VENICE FOR BEGINNERS: THE LAGOON,
MURANO & BURANO
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Murano, glass blowing factory
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VENICE FOR BEGINNERS:
THE LAGOON, MURANO & BURANO
Highlights of this tour:
Private boat ride in the Northern Lagoon
Stop at Murano to see glass blowing
Stroll in Burano Visit to a lacemaking atelier
Ride on the Grand Canal (on request)
An interesting and entertaining visit to the Northern Lagoon, exploring the islands of Murano and Burano. Murano is known all over the world for its 800 year-old traditional glass blowing business, and boasts a huge variety of techniques and styles.
From Mondays through Fridays we’ll be able to see the actual production.
If we are there during the weekend (or in August, when the furnaces are switched off) we will enjoy an extensive demonstration, viewing the two basic techniques, blown glass and massive glass sculptures.
During our water tour, we’ll enjoy the view of the green island of Sant’Erasmo, famous for its artichokes, asparagus and other vegetables, and Mazzorbo, where white wine has recently been produced.
After 20 minutes we reach Burano – the most attractive island in the Lagoon.
The island is known for its brightly colored houses, fishing boats, top quality lace production, and delicious cookies. On the island are still a number of women at work with needle and thread; we’ll stop to admire their skills.
We’ll explore the Lagoon on a private, deluxe, covered motor boat that can comfortably accommodate up to ten people.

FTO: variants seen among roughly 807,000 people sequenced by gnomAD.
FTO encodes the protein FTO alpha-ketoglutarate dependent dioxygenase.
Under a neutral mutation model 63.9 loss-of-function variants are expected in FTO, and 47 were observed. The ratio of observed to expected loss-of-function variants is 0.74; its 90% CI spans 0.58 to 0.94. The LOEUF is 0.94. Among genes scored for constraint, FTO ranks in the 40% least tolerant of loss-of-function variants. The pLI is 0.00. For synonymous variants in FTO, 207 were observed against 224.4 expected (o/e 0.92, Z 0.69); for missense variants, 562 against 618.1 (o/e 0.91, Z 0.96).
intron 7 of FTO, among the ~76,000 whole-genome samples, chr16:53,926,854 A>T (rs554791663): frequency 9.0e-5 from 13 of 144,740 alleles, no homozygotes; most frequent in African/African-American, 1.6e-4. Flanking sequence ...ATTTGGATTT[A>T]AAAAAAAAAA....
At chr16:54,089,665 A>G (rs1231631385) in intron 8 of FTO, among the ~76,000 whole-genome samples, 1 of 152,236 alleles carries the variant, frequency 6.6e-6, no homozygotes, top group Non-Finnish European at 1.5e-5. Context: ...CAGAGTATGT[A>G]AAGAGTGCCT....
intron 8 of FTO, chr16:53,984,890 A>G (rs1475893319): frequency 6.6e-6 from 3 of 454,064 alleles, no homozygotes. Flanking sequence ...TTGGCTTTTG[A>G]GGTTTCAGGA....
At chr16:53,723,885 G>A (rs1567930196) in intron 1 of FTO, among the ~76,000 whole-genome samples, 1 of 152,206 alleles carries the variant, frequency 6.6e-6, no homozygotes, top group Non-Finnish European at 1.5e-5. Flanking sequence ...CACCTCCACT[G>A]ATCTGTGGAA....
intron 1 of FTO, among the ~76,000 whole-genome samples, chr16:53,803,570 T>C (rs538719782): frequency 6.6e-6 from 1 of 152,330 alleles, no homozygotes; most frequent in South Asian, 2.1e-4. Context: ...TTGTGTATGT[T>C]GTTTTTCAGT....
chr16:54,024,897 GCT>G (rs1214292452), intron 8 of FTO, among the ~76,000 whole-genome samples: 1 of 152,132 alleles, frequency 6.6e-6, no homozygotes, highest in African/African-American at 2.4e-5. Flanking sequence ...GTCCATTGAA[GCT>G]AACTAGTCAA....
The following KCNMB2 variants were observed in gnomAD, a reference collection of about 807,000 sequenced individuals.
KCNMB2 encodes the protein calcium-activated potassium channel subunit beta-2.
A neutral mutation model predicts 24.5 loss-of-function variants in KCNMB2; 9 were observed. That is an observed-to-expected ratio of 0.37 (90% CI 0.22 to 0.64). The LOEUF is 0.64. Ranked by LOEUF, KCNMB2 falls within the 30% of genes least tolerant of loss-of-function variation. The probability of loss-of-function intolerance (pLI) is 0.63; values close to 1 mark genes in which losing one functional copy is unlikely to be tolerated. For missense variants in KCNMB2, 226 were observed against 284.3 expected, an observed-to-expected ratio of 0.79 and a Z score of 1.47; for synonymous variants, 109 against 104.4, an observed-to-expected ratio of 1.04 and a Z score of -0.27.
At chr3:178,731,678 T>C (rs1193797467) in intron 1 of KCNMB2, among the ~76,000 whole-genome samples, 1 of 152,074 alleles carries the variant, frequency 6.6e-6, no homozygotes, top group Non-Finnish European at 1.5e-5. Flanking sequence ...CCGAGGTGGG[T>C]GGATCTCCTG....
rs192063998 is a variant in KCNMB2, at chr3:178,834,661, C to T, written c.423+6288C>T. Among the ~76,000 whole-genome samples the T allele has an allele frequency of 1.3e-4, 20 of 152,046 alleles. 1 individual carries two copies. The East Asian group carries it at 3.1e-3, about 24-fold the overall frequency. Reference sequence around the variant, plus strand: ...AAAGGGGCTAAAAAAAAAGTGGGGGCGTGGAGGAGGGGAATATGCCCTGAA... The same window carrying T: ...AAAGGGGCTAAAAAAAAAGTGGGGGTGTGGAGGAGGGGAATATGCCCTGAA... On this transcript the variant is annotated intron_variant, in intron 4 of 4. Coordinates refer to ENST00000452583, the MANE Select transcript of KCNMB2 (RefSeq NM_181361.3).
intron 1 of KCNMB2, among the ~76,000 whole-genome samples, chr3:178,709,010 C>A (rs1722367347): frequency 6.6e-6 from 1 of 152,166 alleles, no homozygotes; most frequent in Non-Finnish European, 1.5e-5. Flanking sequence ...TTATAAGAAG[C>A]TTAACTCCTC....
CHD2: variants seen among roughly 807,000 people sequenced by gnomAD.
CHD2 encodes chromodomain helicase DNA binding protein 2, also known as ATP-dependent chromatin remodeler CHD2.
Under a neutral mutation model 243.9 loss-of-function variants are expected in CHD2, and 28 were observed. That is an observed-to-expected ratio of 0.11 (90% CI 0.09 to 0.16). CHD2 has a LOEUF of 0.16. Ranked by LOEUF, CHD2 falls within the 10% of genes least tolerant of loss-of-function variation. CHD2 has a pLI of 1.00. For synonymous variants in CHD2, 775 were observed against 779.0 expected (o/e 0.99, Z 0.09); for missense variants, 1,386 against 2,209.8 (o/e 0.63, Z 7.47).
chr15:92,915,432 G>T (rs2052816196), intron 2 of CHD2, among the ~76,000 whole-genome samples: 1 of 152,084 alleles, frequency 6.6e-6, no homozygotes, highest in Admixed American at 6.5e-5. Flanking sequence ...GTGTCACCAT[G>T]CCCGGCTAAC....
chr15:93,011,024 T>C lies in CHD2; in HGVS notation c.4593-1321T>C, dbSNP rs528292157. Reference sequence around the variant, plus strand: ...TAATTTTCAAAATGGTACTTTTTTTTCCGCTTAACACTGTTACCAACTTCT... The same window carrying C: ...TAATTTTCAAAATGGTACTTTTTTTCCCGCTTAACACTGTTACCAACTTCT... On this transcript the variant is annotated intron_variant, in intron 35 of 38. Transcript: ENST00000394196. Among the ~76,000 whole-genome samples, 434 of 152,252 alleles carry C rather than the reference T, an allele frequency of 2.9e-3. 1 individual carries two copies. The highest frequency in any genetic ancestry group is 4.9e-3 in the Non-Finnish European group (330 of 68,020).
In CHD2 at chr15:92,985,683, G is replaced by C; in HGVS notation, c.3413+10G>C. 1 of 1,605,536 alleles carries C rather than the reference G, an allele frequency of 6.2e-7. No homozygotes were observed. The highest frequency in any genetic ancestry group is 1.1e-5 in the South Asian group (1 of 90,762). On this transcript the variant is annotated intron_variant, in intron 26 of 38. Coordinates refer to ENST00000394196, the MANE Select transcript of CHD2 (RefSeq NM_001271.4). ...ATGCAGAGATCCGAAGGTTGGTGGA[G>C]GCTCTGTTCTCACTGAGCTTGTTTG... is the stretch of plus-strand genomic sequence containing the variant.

This tour can be taken all year as our boat is covered.
It is also possible to combine it with a tour along the Grand Canal by adding one additional hour (for a total of four hours).
» More about this tour
The Venetian Lagoon has a surface area of around 550 square kilometres (212 square miles).
Only 8% of it is occupied by land, including Venice itself and approximately forty smaller islands.
About 11% is permanently covered by water, its waterways called canals or “rii”.
Approximately 80%consists of mud flats, tidal shallows and salt marshes.
The Lagoon is connected to the Adriatic Sea by three inlets.
The islands of the Lagoon are subject to frequent floods. At the moment (2017), a complex system of movable dams – known as MOSE, meaning the Electro Mechanic Modular System – is under construction to safeguard the entire area from recurrent exceptional high tides.
The project should be completed by the end of 2018. Venice and its Lagoon were added to the UNESCO World Heritage List in 1987.
The cultural heritage of the islands is rich and varied: many of them were the seats of religious institutions, while a few were used as places of quarantine for people and goods during the plagues.
They were also used to isolate industries with high-risk or polluting activities, like glass making or leather tanning.
Other islands were used until recently as mental hospitals or military bases.
The Vignole and Sant’Erasmo still today provide Venice with excellent fresh fruit and vegetables. From early 19th century onward, San Michele has been used as a cemetery island.
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